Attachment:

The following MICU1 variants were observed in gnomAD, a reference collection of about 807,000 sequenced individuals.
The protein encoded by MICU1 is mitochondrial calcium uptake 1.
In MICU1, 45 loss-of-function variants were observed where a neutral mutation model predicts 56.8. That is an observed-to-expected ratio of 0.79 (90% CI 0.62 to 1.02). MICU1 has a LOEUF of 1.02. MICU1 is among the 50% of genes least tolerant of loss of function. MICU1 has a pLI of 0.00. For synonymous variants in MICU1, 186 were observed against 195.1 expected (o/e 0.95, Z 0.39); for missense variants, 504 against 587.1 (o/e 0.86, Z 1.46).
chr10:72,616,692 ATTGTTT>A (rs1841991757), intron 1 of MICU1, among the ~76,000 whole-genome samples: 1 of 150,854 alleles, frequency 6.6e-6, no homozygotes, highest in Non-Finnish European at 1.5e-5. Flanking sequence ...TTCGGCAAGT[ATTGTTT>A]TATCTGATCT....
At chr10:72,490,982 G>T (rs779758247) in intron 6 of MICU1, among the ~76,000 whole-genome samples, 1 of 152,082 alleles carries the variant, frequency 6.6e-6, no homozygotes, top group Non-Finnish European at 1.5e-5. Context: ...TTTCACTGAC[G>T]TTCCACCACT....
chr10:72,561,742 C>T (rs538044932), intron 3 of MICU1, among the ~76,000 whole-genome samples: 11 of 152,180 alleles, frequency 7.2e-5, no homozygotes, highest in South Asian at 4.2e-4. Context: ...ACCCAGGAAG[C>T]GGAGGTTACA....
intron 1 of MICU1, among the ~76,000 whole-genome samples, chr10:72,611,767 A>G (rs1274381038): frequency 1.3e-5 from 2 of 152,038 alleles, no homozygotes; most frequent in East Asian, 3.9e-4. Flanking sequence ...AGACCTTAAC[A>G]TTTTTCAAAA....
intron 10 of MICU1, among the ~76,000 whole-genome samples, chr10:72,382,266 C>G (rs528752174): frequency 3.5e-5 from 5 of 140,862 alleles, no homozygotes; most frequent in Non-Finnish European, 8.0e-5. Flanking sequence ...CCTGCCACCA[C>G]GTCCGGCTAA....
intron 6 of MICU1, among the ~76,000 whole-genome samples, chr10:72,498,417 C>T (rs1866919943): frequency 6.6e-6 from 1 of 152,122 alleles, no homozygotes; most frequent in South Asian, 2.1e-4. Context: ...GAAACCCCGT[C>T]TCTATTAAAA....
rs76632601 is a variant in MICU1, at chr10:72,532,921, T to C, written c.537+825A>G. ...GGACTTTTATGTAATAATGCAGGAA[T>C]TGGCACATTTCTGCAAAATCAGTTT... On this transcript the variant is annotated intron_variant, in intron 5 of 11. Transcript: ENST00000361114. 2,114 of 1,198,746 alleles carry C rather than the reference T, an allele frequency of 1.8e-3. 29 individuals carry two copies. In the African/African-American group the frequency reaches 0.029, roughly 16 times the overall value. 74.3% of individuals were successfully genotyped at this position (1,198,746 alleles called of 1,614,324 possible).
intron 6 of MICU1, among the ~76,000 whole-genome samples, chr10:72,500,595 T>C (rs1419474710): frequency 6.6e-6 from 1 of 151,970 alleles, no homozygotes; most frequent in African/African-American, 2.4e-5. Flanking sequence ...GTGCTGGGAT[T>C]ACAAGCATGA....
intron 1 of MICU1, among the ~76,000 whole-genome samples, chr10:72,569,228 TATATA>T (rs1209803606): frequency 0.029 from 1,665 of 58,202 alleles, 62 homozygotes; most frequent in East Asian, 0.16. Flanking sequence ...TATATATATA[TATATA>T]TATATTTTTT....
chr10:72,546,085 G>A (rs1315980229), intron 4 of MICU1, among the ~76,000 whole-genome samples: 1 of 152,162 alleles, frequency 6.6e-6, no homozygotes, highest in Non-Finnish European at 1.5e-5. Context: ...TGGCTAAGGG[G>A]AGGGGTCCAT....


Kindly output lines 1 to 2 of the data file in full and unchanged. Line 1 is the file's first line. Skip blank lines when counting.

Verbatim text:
The following MICU1 variants were observed in gnomAD, a reference collection of about 807,000 sequenced individuals.
The protein encoded by MICU1 is mitochondrial calcium uptake 1.